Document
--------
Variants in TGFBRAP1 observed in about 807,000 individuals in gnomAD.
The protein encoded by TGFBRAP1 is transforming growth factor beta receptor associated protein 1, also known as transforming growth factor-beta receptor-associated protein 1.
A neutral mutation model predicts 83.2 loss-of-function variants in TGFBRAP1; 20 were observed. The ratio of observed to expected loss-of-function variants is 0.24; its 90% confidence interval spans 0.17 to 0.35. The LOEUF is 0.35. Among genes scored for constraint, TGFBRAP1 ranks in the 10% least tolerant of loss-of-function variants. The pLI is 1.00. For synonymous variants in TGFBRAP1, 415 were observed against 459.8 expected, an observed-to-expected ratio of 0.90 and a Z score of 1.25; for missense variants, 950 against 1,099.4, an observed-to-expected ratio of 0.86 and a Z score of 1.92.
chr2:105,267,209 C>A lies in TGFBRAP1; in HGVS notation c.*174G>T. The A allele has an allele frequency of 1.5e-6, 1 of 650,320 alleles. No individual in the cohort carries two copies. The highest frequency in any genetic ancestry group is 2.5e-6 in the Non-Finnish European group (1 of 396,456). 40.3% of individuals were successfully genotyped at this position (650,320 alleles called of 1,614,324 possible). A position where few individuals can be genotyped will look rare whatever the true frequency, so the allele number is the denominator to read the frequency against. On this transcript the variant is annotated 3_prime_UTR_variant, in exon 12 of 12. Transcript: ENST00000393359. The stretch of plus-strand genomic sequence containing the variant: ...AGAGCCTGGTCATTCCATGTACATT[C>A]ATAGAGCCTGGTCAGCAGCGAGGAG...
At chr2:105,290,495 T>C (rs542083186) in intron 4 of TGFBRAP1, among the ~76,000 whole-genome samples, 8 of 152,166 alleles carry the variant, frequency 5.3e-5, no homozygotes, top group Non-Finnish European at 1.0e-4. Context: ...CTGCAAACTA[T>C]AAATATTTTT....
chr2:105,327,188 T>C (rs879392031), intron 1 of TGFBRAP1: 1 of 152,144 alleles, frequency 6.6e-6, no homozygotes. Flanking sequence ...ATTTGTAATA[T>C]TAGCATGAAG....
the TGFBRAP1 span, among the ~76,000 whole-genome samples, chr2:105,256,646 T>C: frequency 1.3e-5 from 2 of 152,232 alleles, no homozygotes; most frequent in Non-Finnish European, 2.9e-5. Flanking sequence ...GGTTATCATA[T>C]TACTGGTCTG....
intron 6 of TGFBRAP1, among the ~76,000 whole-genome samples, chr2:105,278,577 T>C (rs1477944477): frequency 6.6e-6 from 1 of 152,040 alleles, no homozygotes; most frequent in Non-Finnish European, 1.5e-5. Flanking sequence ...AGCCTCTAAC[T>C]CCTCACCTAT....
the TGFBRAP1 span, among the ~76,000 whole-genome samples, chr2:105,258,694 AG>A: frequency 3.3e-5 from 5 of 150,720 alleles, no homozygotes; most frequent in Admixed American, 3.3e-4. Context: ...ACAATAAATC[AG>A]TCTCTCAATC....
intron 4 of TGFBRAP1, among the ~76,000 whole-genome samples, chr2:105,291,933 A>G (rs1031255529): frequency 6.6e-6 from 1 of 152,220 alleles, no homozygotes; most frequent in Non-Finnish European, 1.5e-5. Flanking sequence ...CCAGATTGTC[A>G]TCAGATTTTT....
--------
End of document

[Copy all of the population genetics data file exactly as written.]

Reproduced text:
Variants in TGFBRAP1 observed in about 807,000 individuals in gnomAD.
The protein encoded by TGFBRAP1 is transforming growth factor beta receptor associated protein 1, also known as transforming growth factor-beta receptor-associated protein 1.
A neutral mutation model predicts 83.2 loss-of-function variants in TGFBRAP1; 20 were observed. The ratio of observed to expected loss-of-function variants is 0.24; its 90% confidence interval spans 0.17 to 0.35. The LOEUF is 0.35. Among genes scored for constraint, TGFBRAP1 ranks in the 10% least tolerant of loss-of-function variants. The pLI is 1.00. For synonymous variants in TGFBRAP1, 415 were observed against 459.8 expected, an observed-to-expected ratio of 0.90 and a Z score of 1.25; for missense variants, 950 against 1,099.4, an observed-to-expected ratio of 0.86 and a Z score of 1.92.
chr2:105,267,209 C>A lies in TGFBRAP1; in HGVS notation c.*174G>T. The A allele has an allele frequency of 1.5e-6, 1 of 650,320 alleles. No individual in the cohort carries two copies. The highest frequency in any genetic ancestry group is 2.5e-6 in the Non-Finnish European group (1 of 396,456). 40.3% of individuals were successfully genotyped at this position (650,320 alleles called of 1,614,324 possible). A position where few individuals can be genotyped will look rare whatever the true frequency, so the allele number is the denominator to read the frequency against. On this transcript the variant is annotated 3_prime_UTR_variant, in exon 12 of 12. Transcript: ENST00000393359. The stretch of plus-strand genomic sequence containing the variant: ...AGAGCCTGGTCATTCCATGTACATT[C>A]ATAGAGCCTGGTCAGCAGCGAGGAG...
At chr2:105,290,495 T>C (rs542083186) in intron 4 of TGFBRAP1, among the ~76,000 whole-genome samples, 8 of 152,166 alleles carry the variant, frequency 5.3e-5, no homozygotes, top group Non-Finnish European at 1.0e-4. Context: ...CTGCAAACTA[T>C]AAATATTTTT....
chr2:105,327,188 T>C (rs879392031), intron 1 of TGFBRAP1: 1 of 152,144 alleles, frequency 6.6e-6, no homozygotes. Flanking sequence ...ATTTGTAATA[T>C]TAGCATGAAG....
the TGFBRAP1 span, among the ~76,000 whole-genome samples, chr2:105,256,646 T>C: frequency 1.3e-5 from 2 of 152,232 alleles, no homozygotes; most frequent in Non-Finnish European, 2.9e-5. Flanking sequence ...GGTTATCATA[T>C]TACTGGTCTG....
intron 6 of TGFBRAP1, among the ~76,000 whole-genome samples, chr2:105,278,577 T>C (rs1477944477): frequency 6.6e-6 from 1 of 152,040 alleles, no homozygotes; most frequent in Non-Finnish European, 1.5e-5. Flanking sequence ...AGCCTCTAAC[T>C]CCTCACCTAT....
the TGFBRAP1 span, among the ~76,000 whole-genome samples, chr2:105,258,694 AG>A: frequency 3.3e-5 from 5 of 150,720 alleles, no homozygotes; most frequent in Admixed American, 3.3e-4. Context: ...ACAATAAATC[AG>A]TCTCTCAATC....
intron 4 of TGFBRAP1, among the ~76,000 whole-genome samples, chr2:105,291,933 A>G (rs1031255529): frequency 6.6e-6 from 1 of 152,220 alleles, no homozygotes; most frequent in Non-Finnish European, 1.5e-5. Flanking sequence ...CCAGATTGTC[A>G]TCAGATTTTT....